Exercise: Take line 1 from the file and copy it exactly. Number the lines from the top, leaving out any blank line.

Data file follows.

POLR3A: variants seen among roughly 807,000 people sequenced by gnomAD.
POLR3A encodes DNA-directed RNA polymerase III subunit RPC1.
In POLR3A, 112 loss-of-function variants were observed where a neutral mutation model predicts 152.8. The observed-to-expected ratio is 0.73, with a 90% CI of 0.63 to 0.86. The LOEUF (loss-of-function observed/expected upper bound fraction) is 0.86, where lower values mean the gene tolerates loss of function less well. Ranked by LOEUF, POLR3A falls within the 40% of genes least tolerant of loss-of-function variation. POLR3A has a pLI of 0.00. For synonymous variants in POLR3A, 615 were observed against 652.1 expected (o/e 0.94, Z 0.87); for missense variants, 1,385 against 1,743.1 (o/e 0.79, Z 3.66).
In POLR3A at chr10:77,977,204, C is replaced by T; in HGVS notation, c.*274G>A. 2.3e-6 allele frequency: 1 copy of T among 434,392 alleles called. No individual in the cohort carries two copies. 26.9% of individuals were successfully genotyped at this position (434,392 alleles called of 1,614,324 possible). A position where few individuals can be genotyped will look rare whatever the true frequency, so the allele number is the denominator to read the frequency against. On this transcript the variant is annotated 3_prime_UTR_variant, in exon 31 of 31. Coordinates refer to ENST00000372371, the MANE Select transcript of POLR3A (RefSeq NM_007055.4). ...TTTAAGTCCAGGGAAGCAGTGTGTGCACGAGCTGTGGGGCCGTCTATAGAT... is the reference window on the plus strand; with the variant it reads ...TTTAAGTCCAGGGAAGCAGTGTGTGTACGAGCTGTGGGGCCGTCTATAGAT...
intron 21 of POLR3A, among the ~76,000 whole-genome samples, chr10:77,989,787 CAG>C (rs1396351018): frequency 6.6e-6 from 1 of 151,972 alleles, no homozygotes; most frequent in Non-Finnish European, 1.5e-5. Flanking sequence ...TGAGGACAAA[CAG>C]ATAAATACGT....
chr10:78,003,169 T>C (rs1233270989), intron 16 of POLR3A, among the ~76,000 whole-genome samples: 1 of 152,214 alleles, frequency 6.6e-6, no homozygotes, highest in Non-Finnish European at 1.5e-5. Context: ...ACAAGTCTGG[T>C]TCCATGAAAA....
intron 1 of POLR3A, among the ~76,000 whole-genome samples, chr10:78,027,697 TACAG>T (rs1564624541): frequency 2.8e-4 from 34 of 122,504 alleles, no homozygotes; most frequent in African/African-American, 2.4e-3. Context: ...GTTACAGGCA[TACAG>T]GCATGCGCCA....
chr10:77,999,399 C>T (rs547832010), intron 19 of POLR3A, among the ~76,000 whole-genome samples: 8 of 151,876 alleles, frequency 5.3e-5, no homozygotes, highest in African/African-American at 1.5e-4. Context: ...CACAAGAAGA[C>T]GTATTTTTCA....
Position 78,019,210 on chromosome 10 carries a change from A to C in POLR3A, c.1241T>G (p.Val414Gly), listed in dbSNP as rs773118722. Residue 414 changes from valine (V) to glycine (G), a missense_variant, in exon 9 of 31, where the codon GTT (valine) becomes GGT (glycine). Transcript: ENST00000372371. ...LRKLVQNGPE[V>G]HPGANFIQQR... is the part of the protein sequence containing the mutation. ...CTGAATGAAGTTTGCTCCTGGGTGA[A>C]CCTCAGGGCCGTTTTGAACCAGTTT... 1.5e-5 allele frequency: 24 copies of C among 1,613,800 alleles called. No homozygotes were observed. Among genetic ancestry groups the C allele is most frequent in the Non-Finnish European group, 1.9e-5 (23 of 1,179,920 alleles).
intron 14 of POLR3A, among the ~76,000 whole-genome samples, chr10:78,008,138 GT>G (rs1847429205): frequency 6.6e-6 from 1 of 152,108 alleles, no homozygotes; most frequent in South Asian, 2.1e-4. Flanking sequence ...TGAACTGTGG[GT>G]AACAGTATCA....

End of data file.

POLR3A: variants seen among roughly 807,000 people sequenced by gnomAD.